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FileMaker to Tableau | The Learning Journey

Now that the FileMaker Data API has been officially released (with FileMaker 17), it is time to share an update on Tableau-to-FileMaker integration. I originally wrote about integrating Tableau and FileMaker to create a match made in data heaven. I’ll also be speaking on “FileMaker + Tableau” at FileMaker DevCon 2018. First, A Quick Update […]
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vincenzo

vincenzo

 

FM Quickstart 17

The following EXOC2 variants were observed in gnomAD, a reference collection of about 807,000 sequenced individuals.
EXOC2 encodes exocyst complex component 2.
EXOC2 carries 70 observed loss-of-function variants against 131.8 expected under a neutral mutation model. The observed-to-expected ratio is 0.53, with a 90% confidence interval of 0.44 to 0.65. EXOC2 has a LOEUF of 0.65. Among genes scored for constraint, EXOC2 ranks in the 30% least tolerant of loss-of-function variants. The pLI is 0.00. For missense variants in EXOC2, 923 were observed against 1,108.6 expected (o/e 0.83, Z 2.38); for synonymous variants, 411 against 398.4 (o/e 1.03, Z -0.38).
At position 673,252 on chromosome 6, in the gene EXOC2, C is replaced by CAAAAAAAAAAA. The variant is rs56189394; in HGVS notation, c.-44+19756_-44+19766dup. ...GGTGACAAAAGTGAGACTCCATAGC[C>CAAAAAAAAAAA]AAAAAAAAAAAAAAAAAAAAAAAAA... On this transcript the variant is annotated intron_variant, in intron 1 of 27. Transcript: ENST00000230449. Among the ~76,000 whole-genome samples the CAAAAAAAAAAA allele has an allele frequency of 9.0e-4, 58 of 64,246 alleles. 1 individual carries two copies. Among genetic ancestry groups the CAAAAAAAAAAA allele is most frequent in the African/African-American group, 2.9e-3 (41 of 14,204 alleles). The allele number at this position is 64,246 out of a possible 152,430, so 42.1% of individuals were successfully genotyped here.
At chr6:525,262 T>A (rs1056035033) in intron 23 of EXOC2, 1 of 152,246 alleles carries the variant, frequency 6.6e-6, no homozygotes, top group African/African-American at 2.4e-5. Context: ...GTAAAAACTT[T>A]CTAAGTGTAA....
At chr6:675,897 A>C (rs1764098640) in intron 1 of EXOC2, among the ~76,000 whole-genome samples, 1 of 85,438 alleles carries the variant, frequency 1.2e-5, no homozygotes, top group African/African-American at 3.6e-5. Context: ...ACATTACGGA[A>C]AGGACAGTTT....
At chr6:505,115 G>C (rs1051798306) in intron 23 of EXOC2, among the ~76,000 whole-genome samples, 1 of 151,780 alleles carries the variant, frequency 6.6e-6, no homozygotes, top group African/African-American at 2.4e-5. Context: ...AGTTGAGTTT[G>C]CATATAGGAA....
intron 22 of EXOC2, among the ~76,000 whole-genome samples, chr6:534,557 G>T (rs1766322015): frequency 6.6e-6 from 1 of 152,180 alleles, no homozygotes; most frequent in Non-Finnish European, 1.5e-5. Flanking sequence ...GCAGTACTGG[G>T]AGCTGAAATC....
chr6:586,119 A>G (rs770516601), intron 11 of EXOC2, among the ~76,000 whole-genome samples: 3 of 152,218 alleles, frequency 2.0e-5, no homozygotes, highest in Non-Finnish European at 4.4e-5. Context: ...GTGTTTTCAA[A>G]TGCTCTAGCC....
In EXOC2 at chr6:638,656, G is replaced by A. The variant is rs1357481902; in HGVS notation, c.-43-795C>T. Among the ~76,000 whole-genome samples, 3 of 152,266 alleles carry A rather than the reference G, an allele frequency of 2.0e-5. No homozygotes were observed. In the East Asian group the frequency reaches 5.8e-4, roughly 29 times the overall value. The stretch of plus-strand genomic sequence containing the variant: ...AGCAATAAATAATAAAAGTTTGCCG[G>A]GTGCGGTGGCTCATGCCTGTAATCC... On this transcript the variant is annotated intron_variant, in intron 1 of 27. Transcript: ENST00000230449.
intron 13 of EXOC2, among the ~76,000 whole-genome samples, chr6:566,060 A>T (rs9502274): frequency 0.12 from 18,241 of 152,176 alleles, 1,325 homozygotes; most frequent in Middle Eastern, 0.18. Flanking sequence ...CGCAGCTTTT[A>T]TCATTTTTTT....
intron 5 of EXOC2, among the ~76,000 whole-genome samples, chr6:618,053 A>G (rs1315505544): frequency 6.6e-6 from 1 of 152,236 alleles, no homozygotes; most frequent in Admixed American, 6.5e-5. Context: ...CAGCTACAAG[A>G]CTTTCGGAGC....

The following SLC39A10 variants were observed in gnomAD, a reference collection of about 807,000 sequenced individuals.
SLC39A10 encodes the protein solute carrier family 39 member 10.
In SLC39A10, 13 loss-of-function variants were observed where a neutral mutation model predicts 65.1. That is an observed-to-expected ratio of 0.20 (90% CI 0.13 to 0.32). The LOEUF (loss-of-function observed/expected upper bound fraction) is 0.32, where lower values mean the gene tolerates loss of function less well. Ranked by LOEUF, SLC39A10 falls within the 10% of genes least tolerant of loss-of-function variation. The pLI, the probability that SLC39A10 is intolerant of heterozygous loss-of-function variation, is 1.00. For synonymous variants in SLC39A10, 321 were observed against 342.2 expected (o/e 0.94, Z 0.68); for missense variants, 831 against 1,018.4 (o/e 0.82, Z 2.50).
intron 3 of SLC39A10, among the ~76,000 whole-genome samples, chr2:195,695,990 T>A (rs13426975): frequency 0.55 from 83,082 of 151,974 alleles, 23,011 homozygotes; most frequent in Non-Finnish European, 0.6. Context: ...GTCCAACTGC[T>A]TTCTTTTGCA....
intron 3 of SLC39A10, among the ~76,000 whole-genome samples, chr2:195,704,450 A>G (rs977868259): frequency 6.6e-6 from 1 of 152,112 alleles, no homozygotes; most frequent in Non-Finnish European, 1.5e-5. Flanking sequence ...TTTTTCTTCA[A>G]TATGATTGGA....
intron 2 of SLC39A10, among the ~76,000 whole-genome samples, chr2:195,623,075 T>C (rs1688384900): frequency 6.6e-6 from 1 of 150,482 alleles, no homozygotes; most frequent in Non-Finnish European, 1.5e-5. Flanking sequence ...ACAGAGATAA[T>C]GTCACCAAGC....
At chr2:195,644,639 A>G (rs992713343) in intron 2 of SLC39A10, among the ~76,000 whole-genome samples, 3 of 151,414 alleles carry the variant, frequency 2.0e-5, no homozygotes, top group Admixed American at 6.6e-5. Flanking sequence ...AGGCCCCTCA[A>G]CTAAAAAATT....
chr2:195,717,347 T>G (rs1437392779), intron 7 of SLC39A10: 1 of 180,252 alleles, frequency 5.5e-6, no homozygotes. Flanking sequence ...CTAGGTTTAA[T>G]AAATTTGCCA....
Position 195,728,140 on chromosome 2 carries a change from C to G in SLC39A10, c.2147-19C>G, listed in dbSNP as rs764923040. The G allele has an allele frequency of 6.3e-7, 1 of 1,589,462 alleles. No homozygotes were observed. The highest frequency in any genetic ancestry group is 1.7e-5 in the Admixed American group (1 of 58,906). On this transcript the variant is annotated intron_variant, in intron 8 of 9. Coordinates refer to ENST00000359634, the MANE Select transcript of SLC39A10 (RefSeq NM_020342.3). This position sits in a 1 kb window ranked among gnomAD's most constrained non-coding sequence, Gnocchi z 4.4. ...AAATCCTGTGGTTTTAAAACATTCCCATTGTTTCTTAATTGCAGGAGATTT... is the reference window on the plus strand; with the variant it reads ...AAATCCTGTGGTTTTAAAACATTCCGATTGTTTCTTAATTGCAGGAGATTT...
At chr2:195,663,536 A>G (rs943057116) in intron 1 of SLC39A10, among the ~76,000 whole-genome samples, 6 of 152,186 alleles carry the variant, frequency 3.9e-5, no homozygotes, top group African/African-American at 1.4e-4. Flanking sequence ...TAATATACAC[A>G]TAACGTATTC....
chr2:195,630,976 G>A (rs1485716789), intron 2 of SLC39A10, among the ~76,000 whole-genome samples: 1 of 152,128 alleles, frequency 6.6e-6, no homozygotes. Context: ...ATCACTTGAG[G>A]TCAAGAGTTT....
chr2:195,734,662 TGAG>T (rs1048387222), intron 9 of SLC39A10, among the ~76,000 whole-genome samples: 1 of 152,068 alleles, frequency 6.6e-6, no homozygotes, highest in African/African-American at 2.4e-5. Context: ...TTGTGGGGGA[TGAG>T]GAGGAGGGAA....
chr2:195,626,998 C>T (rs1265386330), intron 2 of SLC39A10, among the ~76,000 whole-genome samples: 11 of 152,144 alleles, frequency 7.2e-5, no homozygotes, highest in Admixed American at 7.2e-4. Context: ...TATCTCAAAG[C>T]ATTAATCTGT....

FM Quickstart 17 FM Quickstart is a free FileMaker template built by our team of certified developers to allow you to quickly create a custom application for your organization. It’s designed to use the latest version of FileMaker and has 8 main modules to work with: Dashboard Companies Locations Contacts Quotes Invoices Reports Setup What’s great about FM Quickstart is that it can be used immediately out-of-the-box, or can be easily modified to fit your business needs. Let’s go ahead and take a look at each module:  Dashboard The Dashboard module displays actionable items such as open quotes and the prospects that you will follow up with. You have the option to create new contacts, new quotes, or new invoices quickly for your convenience by using the Quick Actions in the top right. Companies The Companies module is new and used to manage companies you work with. You can input company information, the industry they are in and where they are located. You also have the ability to associate the salesperson with the company and identify what type of contact they are. At the bottom of the page you can create the contacts that work for the company and it will sync with the contacts module. Locations The locations module is new and allows you to track locations of companies you work with. Google Maps is embedded into the module so you can view the location and get directions. Below the address information you can add the contacts that work at the company location. This will also apply the address location to the contacts. Contacts The contacts module displays a list of all your business’s contacts. You can enter in their name, title, company, source of contact, address, which account manager is assigned to a contact, and methods to reach the contact (such as phone numbers and email addresses). For more detailed information about the contact, you can view the follow up dates, quotes, invoices, documents, and notes associated with them. Quotes The Quotes module allows you to manage quotes for each customer or prospect. You can view the status of the quote and when it was last updated by the salesperson, and can quickly add line items with an easy-to-search product selector. And to make the flow from a quote to an invoice as smooth and efficient as possible you can create an invoice from a quote. Invoices The Invoice module is used to track invoices sent out to customers and the status of them. You can apply as many payments as needed in the Payments tab, and can view the amount due on the bottom right. And if there are any documents that you’d like to store with the invoice, you can do so in the Documents tab.